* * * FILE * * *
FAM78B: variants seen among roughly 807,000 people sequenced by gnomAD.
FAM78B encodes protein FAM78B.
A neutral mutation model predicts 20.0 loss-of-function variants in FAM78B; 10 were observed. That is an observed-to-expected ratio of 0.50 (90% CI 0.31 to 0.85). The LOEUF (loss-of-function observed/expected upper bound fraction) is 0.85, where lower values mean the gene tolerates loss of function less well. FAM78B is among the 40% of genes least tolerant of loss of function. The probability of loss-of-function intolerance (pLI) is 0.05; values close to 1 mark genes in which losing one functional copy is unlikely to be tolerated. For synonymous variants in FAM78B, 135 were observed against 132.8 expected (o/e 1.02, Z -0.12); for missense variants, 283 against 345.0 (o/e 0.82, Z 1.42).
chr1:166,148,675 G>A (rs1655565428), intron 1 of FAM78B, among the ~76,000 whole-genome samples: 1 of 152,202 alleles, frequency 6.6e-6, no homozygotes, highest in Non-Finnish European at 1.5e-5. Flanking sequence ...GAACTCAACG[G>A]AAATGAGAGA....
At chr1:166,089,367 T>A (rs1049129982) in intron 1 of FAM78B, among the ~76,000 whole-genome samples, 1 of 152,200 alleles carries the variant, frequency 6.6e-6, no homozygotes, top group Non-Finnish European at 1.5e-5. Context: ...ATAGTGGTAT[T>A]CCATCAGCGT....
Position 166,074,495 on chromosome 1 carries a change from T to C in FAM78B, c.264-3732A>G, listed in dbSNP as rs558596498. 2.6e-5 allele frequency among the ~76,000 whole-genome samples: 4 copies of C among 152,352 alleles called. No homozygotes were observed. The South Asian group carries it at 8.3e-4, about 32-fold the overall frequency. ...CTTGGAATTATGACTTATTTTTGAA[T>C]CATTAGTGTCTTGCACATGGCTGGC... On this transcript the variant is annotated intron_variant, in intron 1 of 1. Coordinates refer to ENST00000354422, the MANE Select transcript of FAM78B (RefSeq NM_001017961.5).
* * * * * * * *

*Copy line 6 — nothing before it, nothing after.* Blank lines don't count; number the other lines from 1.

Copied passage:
Position 166,074,495 on chromosome 1 carries a change from T to C in FAM78B, c.264-3732A>G, listed in dbSNP as rs558596498. 2.6e-5 allele frequency among the ~76,000 whole-genome samples: 4 copies of C among 152,352 alleles called. No homozygotes were observed. The South Asian group carries it at 8.3e-4, about 32-fold the overall frequency. ...CTTGGAATTATGACTTATTTTTGAA[T>C]CATTAGTGTCTTGCACATGGCTGGC... On this transcript the variant is annotated intron_variant, in intron 1 of 1. Coordinates refer to ENST00000354422, the MANE Select transcript of FAM78B (RefSeq NM_001017961.5).